ground connection. Who is correct?
a)
b)
c)
d)
Student A
Student B
Both A and B
Neither A nor B
Automatic Transmissions and Transaxles, Fourth Edition
By Tom Birch and Chuck Rockwood
© 2010 Pearson Higher Education, Inc.
Pearson Prentice Hall - Upper Saddle River, NJ 07458
CHAPTER QUIZ
16. Student A says that torque converter clutch
operation can be easily checked on a road test by
lightly stepping on the brake pedal and watching
the tachometer for a change in speed. Student B
says that the torque converter clutch can be tested
using a scan tool to operate the circuit. Who is
correct?
a)
b)
c)
d)
Student A
Student B
Both A and B
Neither A nor B
Automatic Transmissions and Transaxles, Fourth Edition
By Tom Birch and Chuck Rockwood
© 2010 Pearson Higher Education, Inc.
Pearson Prentice Hall - Upper Saddle River, NJ 07458
CHAPTER QUIZ
16. Student A says that torque converter clutch
operation can be easily checked on a road test by
lightly stepping on the brake pedal and watching
the tachometer for a change in speed. Student B
says that the torque converter clutch can be tested
using a scan tool to operate the circuit. Who is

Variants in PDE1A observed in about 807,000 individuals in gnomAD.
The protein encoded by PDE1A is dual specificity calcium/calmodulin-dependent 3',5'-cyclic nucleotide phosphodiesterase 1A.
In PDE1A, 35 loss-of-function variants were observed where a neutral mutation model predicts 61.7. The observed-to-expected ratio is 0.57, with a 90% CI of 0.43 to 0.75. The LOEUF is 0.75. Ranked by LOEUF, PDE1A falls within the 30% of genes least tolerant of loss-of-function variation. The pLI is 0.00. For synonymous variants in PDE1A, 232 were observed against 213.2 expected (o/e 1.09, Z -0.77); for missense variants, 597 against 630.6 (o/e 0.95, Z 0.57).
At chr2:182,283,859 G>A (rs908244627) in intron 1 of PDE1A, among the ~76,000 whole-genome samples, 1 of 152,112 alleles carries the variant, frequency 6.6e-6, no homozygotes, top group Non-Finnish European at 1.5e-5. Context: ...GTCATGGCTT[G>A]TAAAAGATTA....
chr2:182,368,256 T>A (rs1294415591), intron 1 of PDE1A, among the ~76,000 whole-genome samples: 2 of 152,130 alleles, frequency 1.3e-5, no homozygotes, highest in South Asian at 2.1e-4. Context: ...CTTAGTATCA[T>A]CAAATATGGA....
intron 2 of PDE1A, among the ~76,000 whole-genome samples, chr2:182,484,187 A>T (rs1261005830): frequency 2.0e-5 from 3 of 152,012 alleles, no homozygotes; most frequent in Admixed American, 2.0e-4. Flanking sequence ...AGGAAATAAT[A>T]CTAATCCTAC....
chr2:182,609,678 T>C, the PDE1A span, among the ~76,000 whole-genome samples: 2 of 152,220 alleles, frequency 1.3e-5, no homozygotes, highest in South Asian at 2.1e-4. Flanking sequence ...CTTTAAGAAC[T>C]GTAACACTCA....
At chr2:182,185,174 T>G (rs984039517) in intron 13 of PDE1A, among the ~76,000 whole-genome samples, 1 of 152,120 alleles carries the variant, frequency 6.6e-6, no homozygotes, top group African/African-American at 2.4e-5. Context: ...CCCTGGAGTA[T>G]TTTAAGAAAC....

correct?
a)
b)
c)
d)
Student A
Student B
Both A and B
Neither A nor B
Automatic Transmissions and Transaxles, Fourth Edition
By Tom Birch and Chuck Rockwood
© 2010 Pearson Higher Education, Inc.
Pearson Prentice Hall - Upper Saddle River, NJ 07458
CHAPTER QUIZ
17. Student A says that a solenoid can be tested by
checking the current flow. Student B says that a
solenoid can be tested using an ohmmeter. Who is
correct?
a)
b)
c)
d)
Student A
Student B
Both A and B
Neither A nor B
Automatic Transmissions and Transaxles, Fourth Edition
By Tom Birch and Chuck Rockwood
© 2010 Pearson Higher Education, Inc.
Pearson Prentice Hall - Upper Saddle River, NJ 07458
CHAPTER QUIZ
17. Student A says that a solenoid can be tested by
checking the current flow. Student B says that a
solenoid can be tested using an ohmmeter. Who is
correct?
a)
b)
c)
d)
Student A
Student B
Both A and B
Neither A nor B
Automatic Transmissions and Transaxles, Fourth Edition
By Tom Birch and Chuck Rockwood
© 2010 Pearson Higher Education, Inc.
Pearson Prentice Hall - Upper Saddle River, NJ 07458
CHAPTER QUIZ